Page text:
the world political-military arena to stay after the great victory of World War II, military officers should obtain a thorough grounding in history and international affairs. I watched him put his ideas into practice when we were both at the National War College. General Goodpaster’s leadership style was understated and quietly focused—he led by persuasion, by rational discourse, and by unfailing courtesy and consideration for others. These traits made him both a successful Supreme Allied Commander in NATO and an essential White House assistant and confidante to President Dwight D. Eisenhower. In a completely different vein, General Goodpaster joined the board of St. Mary’s College of Maryland in 1987. He devoted twelve years to a substantial overhaul of the college’s overall progress, curriculum procedures, and faculty compensation to lift St. Mary’s to the first tier of liberal arts colleges in the nation. Policy was as much a part of him as command and combat; in the Army an officer who was outstanding in both was a marked man. This is why Goodpaster rose quickly through the ranks, always being called back into a policy role even as he desired command assignments. He invariably wanted to know why, as well as what and how, when confronted with a policy dilemma. Also, he shared President Eisenhower’s insistence on considering the various alternatives when arriving at a decision. Not only was he not a “yes-man,” he did not want to be associated with them as he advanced up the career ladder. Professor Jordan has written a painstakingly researched, yet eminently readable, account of the career and accomplishments of General Goodpaster, for which I, for one, am very grateful. Lt. Gen. Brent Scowcroft, USAF (Ret.) National Security Advisor to President Gerald Ford and President G. H. W. Bush


“It is absurd to make out that the means ever became more important than the end.” —Graham Greene, The Lost Childhood and Other Essays Few military men of his generation have been both “warriors” and “thinkers,” yet Gen. Andrew Jackson Goodpaster Jr. qualifies to be among that select company. To write about so-called action generals who more often than not possessed vivid personalities, although still a challenge, pales against the challenge of writing about a contemplative general who also could be an operational commander in combat or near-combat situations. General Goodpaster was a dedicated cold warrior throughout his active-duty military career of nearly forty years. He was also a sophisticated observer and commentator on the foreign policy and national security scene for nearly a quarter-century thereafter. In fact, it was said that during the course of his professional and post-military career, “he continued to receive calls from agencies involved with national security affairs for a variety of assignments at the highest and, in the Cold War, most important level of policy—the three-way intersection of presidential politics, military planning, and international relations.”1 It is difficult to speak of a nonconformist when discussing a very senior military man, but the more Goodpaster’s personality is examined, the more difficult it is to simply consider him the consummate “insider.” Although he was notably successful at playing by the rules at each level of his career, nonetheless he managed to retain his distinct character and personality. This was true for many of the general officers who came to the peak of their careers either near the end of World War II or during the early Cold War years—Lyman Lemnitzer, Lauris Norstad, and Matthew Ridgway come to mind. Yet none of them in their earlier years came to the attention of the “movers and shakers” who controlled their professional futures in quite the same manner as Goodpaster. Two persons stand out as his mentors: George “Abe” Lincoln, and Dwight D. Eisenhower. George C. Marshall was his model of the “complete officer.” As his career unfolded, Goodpaster could retain the aspect of a detached observer even as—by extension—he was able to relate successfully to those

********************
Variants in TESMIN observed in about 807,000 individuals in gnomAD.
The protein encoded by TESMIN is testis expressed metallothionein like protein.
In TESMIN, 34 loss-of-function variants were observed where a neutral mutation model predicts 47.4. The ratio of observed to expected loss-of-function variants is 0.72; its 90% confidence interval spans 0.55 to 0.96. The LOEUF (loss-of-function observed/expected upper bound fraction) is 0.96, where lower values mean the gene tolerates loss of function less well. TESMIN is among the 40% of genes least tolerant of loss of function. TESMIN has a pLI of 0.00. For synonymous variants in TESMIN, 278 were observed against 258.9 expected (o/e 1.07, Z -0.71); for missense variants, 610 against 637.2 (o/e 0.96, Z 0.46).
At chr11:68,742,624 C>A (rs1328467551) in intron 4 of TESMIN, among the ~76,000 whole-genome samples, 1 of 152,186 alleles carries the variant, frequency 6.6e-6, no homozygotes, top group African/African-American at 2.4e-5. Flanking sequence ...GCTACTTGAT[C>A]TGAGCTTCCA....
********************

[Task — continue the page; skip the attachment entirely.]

x i 

x ii  


pr eface

around him within a largely closed yet supportive hierarchical professional environment. From his relatively humble origins, he achieved the highest international military command assignment possible—as the supreme allied commander, Europe (SACEUR), of the North Atlantic Treaty Organization (NATO). Thereafter, he earned the gratitude of the Army as a whole when he returned to West Point as its superintendent from 1977 to 1981 to help restore integrity to its reputation, which had been sullied by a widespread cadet cheating scandal involving engineering examinations. Along the way, he became one of the first serving Army officers to obtain a doctoral degree in an Ivy League university. He also, of course, became an essential part of the Eisenhower White House entourage relatively early in his military career, often performing essentially civilian responsibilities informally, as well as becoming through his presence not only a trusted aide but also a counselor and friend to the president. Not resting on his laurels, upon his final retirement and for over a quarter-century thereafter, he was actively involved in both the formal and informal worlds of Washington policy-making, making his mark repeatedly as a respected participant. He identified himself with organizations as diverse at St. Mary’s College of Maryland and the Atlantic Council, serving as an officer in both, along with contributing his time and presence to many other worthwhile activities. Robert S. Jordan Woodbridge, Virginia December 2012